About Your Princess

Word to the wise, formulated during my morning jog: it’s probably not a good idea to give your daughter a vanity plate, or any type of gear for that matter, that says: “Princess.”

Because she just may start to believe it.

Do you want your daughter to be the princess of your heart? Absolutely. Do you want her to be the princess of the home, or neighborhood, or school? Absolutely not.

My experience with teenaged girls is that the ones raised to believe they are princesses behave much more like Cinderella’s sisters than like Cinderella. And we all know how that story ends.

Funny how we tend to identify with the hero or heroine of a fairy tale, when we usually have much more in common with one of the secondary characters. I’m sure there’s a lesson about life in that, or at the very least, a lesson about how to read a fairy tale.

I’m just as guilty as the next, though when I watch “Tombstone” I identify much more with Doc Holliday than Wyatt Earp. Perhaps it’s a sense of doom, or the daily growing consciousness of my sins, or simply the fact that were I a cowboy, I’d like to be the kind who could put six holes in you before you could draw.

Still, it’s a fantasy nonetheless, because never do I imagine myself in the role of one of the bad guys, or even worse, one of the impotent townsfolk. But most of us are exactly that, no?

How staggering the gap between our self-perceptions and our realities. How lovely that we are loved regardless.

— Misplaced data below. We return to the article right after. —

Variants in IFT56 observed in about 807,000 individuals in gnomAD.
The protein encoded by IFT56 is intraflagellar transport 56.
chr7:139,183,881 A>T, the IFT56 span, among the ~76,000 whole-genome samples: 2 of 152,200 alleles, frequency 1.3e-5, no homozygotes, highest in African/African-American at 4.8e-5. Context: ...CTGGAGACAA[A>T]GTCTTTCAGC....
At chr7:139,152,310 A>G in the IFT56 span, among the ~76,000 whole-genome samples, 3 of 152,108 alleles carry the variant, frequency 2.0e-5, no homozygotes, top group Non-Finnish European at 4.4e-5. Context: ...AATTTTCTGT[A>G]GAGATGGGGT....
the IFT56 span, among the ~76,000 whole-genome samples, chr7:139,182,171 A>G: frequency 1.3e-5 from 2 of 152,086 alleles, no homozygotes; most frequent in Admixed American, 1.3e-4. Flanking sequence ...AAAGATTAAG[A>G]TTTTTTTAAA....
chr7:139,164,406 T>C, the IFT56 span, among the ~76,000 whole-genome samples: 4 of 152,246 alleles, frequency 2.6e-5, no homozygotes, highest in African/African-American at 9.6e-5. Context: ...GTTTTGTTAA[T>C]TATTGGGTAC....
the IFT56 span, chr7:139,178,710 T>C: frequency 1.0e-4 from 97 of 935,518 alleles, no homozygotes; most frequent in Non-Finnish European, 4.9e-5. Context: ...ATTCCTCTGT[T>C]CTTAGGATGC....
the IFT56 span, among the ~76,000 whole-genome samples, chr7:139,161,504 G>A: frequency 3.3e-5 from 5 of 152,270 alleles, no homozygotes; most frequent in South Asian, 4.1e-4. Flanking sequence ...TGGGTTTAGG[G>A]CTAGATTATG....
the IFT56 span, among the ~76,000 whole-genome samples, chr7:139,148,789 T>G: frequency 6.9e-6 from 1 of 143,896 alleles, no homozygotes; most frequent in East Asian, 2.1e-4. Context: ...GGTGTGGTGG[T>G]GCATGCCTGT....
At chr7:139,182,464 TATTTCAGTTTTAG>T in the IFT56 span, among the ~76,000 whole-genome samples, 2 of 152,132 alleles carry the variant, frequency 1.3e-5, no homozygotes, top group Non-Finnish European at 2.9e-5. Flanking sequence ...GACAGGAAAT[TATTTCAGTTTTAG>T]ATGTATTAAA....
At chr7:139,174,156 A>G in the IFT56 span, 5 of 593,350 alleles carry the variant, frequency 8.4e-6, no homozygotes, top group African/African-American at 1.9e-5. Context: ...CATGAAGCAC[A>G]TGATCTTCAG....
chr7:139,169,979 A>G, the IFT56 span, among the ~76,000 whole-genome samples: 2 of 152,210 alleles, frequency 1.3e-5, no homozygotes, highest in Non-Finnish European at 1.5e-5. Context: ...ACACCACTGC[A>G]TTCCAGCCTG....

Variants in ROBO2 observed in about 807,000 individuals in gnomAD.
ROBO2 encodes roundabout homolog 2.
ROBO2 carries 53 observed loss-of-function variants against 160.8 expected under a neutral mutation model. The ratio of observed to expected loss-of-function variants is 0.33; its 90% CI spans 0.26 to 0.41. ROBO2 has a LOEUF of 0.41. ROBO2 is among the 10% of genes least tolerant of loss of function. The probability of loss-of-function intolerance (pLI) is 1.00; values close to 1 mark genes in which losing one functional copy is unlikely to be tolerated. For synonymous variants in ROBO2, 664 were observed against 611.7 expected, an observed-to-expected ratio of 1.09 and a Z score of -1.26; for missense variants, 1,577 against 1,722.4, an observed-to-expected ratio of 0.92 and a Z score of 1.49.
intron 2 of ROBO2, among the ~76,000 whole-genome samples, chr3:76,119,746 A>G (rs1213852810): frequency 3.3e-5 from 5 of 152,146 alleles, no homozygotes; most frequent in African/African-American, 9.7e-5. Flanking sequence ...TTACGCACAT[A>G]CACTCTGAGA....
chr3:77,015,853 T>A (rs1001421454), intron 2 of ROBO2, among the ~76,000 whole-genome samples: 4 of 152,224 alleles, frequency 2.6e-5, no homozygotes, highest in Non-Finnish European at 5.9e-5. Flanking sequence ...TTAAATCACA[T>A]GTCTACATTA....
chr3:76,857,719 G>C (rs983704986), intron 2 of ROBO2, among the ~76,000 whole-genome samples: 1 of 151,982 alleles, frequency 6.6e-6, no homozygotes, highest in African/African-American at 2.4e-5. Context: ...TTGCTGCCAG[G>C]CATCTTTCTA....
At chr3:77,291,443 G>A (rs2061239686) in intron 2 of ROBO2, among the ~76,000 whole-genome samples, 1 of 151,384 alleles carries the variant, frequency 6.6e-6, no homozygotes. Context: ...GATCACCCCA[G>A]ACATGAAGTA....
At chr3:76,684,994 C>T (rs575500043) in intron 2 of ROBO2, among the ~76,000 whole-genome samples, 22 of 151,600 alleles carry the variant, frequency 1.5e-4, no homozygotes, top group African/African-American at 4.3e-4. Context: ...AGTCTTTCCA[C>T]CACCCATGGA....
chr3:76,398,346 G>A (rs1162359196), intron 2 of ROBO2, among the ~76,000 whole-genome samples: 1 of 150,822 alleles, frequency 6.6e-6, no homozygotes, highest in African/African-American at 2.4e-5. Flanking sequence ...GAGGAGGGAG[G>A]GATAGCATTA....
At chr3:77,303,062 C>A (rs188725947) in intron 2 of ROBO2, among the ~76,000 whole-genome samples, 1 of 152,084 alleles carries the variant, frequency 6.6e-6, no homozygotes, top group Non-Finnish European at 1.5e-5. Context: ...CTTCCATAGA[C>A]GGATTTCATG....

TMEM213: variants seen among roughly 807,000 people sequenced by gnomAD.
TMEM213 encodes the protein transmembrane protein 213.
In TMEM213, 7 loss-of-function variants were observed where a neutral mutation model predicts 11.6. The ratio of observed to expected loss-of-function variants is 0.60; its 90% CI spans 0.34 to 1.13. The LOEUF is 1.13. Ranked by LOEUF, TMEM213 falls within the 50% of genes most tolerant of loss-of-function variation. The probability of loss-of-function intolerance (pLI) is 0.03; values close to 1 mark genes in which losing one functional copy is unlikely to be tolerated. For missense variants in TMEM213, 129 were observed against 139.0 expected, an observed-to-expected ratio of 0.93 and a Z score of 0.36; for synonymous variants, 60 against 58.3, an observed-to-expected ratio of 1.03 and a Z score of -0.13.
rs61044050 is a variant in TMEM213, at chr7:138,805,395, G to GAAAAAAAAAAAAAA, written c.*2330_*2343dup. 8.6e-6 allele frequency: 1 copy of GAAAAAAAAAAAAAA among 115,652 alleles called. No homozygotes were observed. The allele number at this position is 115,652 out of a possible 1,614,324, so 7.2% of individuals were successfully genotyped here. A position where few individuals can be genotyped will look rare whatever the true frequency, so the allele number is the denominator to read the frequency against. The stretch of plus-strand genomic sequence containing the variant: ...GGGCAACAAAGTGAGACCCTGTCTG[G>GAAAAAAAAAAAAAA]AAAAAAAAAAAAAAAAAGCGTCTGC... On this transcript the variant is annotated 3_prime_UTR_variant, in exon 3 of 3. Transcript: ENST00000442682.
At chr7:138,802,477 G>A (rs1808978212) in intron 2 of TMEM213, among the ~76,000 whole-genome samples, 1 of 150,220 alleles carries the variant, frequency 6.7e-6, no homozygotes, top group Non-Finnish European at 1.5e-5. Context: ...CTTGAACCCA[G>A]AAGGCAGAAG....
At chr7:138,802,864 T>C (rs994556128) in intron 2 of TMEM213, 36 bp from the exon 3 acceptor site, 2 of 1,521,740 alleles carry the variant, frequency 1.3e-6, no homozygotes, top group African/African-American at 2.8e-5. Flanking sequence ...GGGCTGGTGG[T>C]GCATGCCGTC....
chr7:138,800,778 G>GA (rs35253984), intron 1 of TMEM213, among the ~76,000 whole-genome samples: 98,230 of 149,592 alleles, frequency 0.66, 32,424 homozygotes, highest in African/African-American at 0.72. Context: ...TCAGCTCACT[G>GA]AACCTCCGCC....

So, back to the princesses, or more specifically, to their fathers. Men, turn off the television, put down the golf clubs, and use your heads. The kinds of boys who will come sniffing around your narcissistic little Barbie are not the sort who usually grow into men. And yet there one of them will be one day, sitting in your living room every Thanksgiving and Christmas, trying in vain to do the impossible task of keeping your little princess happy.

Notes to self:

1) Explain to my boys the difference between a princess and a lady.
2) Pray my grown knights remember that the damsels worth rescuing aren’t already sitting on a throne made by daddy.
3) Work more evil princess characters into my homemade bedtime stories.

There. And all that from a single license plate. I should get out less.

Comments

  1. Jennifer

    When I met my husband he said that he had once learned a list of things to look for as warning signs that a girl was too self-centered to be worthwhile. Any sign of them meant removing yourself from that situation as soon as possible. The two that I remember were 1. Her daddy calls her princess and 2. She won’t unlock the driver’s side door after you’ve unlocked her passenger side door (in the days before automated locks were so common).

    Let’s just say I passed 😉

    But yours is a good reminder. I need to borrow your notes to self and add them to my to-dos.

  2. Jordana

    I’ve started to write a post many times about how annoying I find it to label girls with things like Princess (I’m not even touching the clothes that some parents let their kids wear that say things like “B-tch”), but I’ve never been able to say it all as well as you do, Tony. Which is why you actually get paid for your writing at times, I suppose.